Homelessness has plagued U.S. cities and their residents for decades, resulting in dedicated funds and continuums of care (CoC) to support affected individuals and families. But despite these efforts, the crisis is worsening.

In January, the U.S. Department of Housing and Urban Development (HUD) found the national homelessness rate increased 2.7% in 2019 from 2018 levels, with 567,715 people experiencing homelessness on a single night. As unemployment rates climb amid the COVID-19 pandemic, those numbers are expected to rise.

In an effort to analyze and influence progress toward ending homelessness, the National Alliance to End Homelessness (NAEH) released its State of Homelessness 2020 report. The interactive report looks at data from all levels of government to detail homelessness assistance trends, at-risk populations and health crisis predictions, among other findings.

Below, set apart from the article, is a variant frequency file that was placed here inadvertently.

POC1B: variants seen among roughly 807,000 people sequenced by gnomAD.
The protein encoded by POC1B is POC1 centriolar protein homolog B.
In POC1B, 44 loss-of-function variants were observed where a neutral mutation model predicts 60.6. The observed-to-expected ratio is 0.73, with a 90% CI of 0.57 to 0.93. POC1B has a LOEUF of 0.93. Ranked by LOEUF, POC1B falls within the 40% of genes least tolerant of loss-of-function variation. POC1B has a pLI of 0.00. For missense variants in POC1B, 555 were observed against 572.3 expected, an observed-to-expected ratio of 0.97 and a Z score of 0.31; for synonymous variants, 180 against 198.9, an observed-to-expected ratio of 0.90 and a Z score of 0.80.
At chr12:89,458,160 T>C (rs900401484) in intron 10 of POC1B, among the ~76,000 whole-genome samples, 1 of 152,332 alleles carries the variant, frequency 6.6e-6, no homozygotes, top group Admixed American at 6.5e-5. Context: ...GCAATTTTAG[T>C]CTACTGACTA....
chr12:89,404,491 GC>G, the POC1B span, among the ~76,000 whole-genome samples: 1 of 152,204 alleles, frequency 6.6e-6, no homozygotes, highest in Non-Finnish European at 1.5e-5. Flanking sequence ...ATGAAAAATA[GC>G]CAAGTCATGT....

Progress to alleviate homelessness has not been made evenly across all subgroups of the homeless population. For instance, veterans have seen a 50% reduction in homelessness over the last decade, while reduction rates are much lower for the unsheltered, who may sleep on the street or in cars (10%); the chronically homeless (9%) and for those simply defined as individuals (0.2%), which includes all homeless individuals who are not veterans, unaccompanied youth or chronically homeless.

Read the full article about homelessness by Kristin Musulin at Smart Cities Dive.